Once she becomes clean after having an operation to clean the womb (D&C), she
should fast. The scholars stated that the embryo is considered to start taking
shape after 80 days of pregnancy.
If a woman becomes clean from nifaas before forty days, she should fast and do
ghusl so that she can pray. (al-Mughni ma'a al-Sharh al-Kabeer, 1/360). If the
bleeding resumes within forty days after the birth, she should stop fasting,
because this is still nifaas. If the bleeding continues after the fortieth
day, she should make the intention to fast and do ghusl (according to the
majority of scholars), and any bleeding beyond the fortieth day is considered
to be istihaadah (non-menstrual bleeding) – unless it coincides with the usual
time of her period, in which case it is hayd (menstrual blood).
If a breastfeeding woman fasts during the day and sees a spot of blood during
the night, although she was clean during the day, her fast is still valid. (Fataawa
al-Lajnah al-Daa'imah, 10/150)
According to the most correct opinion, a woman who is pregnant or
breastfeeding is regarded as being like one who is ill, so she is permitted
not to fast, and she only has to make up the days that she missed, whether she
fears for herself or for her child. The Prophet (peace and blessings of Allah
be upon him) said:
''Allah has lifted the obligation of fasting and part of the prayer from the
traveller, and He has lifted the obligation of fasting from the pregnant and
breastfeeding woman.'' (Reported by al-Tirmidhi, 3/85; he said (it is a) hasan
hadeeth). If a pregnant woman fasts and experiences some bleeding, her fast is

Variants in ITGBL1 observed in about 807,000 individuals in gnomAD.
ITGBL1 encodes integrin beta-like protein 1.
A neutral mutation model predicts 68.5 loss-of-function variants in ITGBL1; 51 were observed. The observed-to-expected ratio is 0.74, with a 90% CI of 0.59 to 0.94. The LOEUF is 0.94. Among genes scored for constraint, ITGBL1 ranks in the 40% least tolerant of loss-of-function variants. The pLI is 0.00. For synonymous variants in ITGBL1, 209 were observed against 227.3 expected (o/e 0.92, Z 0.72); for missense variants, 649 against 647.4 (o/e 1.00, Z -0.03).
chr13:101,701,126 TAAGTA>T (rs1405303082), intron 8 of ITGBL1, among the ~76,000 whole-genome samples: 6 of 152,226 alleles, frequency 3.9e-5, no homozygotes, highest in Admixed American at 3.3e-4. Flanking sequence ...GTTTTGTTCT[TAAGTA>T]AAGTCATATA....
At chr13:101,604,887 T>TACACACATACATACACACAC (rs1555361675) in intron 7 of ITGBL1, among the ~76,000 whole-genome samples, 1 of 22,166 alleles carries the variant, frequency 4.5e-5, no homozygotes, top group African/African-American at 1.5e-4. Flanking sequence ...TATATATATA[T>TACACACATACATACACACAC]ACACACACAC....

still valid; this does not affect her fast at all. (Fataawa al-Lajnah al-Daa'imah,
In the case of a woman who is obliged to fast, if her husband has intercourse
with her during the day in Ramadan with her consent, then the ruling that
applies to him also applies to her. If, however, he forces her to do that, she
should do her best to resist him, and she does not have to offer expiation.
Ibn ‘Aqeel (may Allah have mercy on him) said: ''In the case of a man who has
intercourse with his wife during the day in Ramadan whilst she is sleeping,
she does not have to offer expiation.'' But to be on the safe side, she should
make up that fast later on. (Shaykh al-Islam Ibn Taymiyah (may Allah have
mercy on him) was of the opinion that this did not invalidate her fast at
A woman who knows that her husband cannot control himself should keep away
from him and not adorn herself during the day in Ramadan.
Women have to make up the fasts that they miss during Ramadan, even without
their husbands' knowledge. It is not a condition for an obligatory fast for a
woman to have the permission of her husband. If a woman starts to observe an
obligatory fast, she is not allowed to break it except for a legitimate
reason. Her husband is not permitted to order her to break her fast when she
is making up a day that she has missed; he is not allowed to have intercourse
with her when she is making up a missed fast, and she is not allowed to obey
him in that regard. (Fataawa al-Lajnah al-Daa'imah, 10/353).
In the case of voluntary fasts, a woman is not permitted to start a
non-obligatory fast when her husband is present without his permission,
because of the hadeeth narrated by Abu Hurayrah (may Allah be pleased with
him), according to which the Prophet (peace and blessings of Allah be upon
him) said: ''No woman should fast when her husband is present except with his
permission.'' (Reported by al-Bukhaari, 4793).
Source: Seventy Matters Related to Fasting